|If you think access to your favorite put-in or take-out is guaranteed forever, you had better reconsider. Private and public access areas across the United States that paddlers assumed would always be available are in danger of being shut down or restricted.
Visit www.americanwhitewater.org to find out more.
Jason Robertson, access director for American Whitewater, says the reasons aren't complex. "It's simply a matter of people not wanting an activity in their backyard." Since Americans enjoy thinking they're king of all they survey, "there's an idea in our culture that if we own it, and see it, we control all of it."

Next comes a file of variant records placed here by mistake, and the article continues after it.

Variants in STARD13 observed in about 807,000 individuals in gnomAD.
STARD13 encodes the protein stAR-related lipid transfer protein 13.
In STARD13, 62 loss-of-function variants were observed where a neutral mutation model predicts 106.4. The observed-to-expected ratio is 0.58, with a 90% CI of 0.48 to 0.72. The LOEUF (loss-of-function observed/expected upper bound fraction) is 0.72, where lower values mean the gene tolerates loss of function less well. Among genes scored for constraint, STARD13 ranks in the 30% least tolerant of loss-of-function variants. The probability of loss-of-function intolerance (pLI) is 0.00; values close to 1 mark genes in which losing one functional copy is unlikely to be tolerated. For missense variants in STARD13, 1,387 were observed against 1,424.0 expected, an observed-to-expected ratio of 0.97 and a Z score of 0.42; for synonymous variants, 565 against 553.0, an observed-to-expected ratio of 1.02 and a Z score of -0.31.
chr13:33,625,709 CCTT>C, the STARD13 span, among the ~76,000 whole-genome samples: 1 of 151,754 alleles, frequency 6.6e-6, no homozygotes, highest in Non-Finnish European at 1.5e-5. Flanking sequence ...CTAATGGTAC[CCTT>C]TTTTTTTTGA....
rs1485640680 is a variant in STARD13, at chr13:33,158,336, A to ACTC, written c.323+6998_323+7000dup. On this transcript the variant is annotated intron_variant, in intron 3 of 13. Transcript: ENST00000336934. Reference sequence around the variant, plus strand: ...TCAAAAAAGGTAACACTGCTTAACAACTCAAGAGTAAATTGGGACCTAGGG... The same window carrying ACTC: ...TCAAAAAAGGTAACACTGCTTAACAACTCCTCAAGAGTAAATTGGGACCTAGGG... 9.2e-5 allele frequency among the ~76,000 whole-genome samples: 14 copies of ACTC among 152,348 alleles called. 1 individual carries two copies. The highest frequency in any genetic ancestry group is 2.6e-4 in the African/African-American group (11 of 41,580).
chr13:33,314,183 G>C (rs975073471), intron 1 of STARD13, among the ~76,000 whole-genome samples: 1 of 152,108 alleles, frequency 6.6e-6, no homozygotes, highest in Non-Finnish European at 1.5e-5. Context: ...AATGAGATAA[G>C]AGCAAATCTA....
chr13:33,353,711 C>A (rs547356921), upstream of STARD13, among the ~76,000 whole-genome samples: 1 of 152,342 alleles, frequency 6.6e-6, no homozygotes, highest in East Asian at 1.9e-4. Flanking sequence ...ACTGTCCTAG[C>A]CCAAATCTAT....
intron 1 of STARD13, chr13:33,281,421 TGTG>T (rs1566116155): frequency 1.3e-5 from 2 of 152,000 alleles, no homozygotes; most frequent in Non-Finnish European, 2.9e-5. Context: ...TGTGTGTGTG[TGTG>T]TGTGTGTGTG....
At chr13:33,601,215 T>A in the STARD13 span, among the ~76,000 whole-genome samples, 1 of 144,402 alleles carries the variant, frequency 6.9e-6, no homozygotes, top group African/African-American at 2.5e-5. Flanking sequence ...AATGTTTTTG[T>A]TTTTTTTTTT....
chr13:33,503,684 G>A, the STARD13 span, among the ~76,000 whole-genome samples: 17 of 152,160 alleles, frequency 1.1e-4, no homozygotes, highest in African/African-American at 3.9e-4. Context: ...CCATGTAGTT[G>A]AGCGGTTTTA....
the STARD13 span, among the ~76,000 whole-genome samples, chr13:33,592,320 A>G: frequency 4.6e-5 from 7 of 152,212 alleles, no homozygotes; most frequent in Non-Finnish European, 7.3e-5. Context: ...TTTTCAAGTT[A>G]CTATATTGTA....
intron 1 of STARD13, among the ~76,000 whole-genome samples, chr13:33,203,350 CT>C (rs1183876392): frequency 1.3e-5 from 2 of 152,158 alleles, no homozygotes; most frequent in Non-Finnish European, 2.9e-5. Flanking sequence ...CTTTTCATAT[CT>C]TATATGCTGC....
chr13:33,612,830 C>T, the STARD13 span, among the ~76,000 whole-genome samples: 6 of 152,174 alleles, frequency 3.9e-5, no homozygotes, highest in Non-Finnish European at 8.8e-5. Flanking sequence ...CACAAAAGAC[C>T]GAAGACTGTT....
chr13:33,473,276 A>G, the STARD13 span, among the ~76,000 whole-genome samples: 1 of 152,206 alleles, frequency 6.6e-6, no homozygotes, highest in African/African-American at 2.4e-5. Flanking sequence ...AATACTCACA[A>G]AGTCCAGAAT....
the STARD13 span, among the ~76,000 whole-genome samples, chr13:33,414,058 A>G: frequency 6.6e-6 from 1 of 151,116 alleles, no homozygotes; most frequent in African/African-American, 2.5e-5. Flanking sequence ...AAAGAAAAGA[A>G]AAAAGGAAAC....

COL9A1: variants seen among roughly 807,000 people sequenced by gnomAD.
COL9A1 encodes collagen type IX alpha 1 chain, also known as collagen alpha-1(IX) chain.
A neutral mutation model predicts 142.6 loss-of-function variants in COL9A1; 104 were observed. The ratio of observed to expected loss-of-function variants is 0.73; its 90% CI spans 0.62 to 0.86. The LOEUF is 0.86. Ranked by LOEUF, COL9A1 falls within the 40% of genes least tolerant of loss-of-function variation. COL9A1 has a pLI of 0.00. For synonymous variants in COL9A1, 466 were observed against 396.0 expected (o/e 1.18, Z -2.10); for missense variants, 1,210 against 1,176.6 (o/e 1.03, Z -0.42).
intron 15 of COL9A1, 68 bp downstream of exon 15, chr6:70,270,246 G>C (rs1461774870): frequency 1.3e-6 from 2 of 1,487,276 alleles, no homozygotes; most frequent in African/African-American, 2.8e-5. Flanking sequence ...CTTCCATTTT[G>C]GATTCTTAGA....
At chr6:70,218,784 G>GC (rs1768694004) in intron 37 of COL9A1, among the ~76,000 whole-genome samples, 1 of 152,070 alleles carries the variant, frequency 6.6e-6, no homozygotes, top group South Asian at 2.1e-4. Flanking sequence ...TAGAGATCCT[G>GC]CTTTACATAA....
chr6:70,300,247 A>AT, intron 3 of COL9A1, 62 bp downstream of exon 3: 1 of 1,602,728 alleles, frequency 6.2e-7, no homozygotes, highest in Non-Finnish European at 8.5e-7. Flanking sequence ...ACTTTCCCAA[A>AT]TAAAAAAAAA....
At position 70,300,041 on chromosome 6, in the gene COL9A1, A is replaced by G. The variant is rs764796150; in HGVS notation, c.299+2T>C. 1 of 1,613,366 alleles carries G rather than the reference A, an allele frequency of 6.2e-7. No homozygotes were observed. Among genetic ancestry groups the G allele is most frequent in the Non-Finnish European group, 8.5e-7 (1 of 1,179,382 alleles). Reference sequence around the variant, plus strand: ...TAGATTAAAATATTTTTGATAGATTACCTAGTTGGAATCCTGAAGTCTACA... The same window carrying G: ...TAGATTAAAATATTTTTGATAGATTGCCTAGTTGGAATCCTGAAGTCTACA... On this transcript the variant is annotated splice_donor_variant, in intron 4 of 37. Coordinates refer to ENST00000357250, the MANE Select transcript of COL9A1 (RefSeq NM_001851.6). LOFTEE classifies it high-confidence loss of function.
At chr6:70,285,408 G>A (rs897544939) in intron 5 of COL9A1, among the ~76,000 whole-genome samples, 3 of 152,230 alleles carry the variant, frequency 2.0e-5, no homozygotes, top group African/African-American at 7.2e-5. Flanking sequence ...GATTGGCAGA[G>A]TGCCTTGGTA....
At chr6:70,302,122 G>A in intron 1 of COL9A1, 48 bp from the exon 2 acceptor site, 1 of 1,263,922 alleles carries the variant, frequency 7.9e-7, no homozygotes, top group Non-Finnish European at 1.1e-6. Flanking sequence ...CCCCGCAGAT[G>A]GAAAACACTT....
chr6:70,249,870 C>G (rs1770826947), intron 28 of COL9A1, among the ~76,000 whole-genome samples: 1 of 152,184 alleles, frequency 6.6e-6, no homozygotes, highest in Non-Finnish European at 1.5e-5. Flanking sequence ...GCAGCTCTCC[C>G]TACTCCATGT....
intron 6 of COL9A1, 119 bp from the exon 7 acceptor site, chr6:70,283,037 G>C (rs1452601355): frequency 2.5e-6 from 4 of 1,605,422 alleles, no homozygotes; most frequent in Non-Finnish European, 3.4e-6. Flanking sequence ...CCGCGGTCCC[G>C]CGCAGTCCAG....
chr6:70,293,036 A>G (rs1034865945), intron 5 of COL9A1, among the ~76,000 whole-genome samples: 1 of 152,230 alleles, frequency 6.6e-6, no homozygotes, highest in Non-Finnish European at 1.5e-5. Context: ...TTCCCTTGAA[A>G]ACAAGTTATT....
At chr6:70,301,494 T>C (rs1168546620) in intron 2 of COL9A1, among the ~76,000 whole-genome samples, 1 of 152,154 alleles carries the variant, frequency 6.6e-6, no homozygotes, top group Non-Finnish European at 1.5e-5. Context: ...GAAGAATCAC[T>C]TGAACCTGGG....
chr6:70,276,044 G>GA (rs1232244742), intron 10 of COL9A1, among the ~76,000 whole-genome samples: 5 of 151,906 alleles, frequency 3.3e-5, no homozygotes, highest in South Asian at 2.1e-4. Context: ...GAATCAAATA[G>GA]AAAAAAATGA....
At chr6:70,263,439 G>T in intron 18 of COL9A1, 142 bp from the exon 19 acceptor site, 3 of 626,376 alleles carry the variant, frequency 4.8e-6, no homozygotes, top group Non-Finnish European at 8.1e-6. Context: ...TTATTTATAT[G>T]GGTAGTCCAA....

Rivers are public highways as much as airspace and the interstate you use for traveling to work or play. "We have a public right to recreate on the river," says Robertson, "just as we have a right to use a sidewalk."
Public agencies are often equally restrictive in granting access. "It's rare that they can make an argument that will meet the other responsibilities of government, which are commerce and navigation," says Robertson. Recreational river use by private boaters or commercial outfitters like raft companies or fly-fishing guides has been upheld by federal and state courts to constitute commerce.
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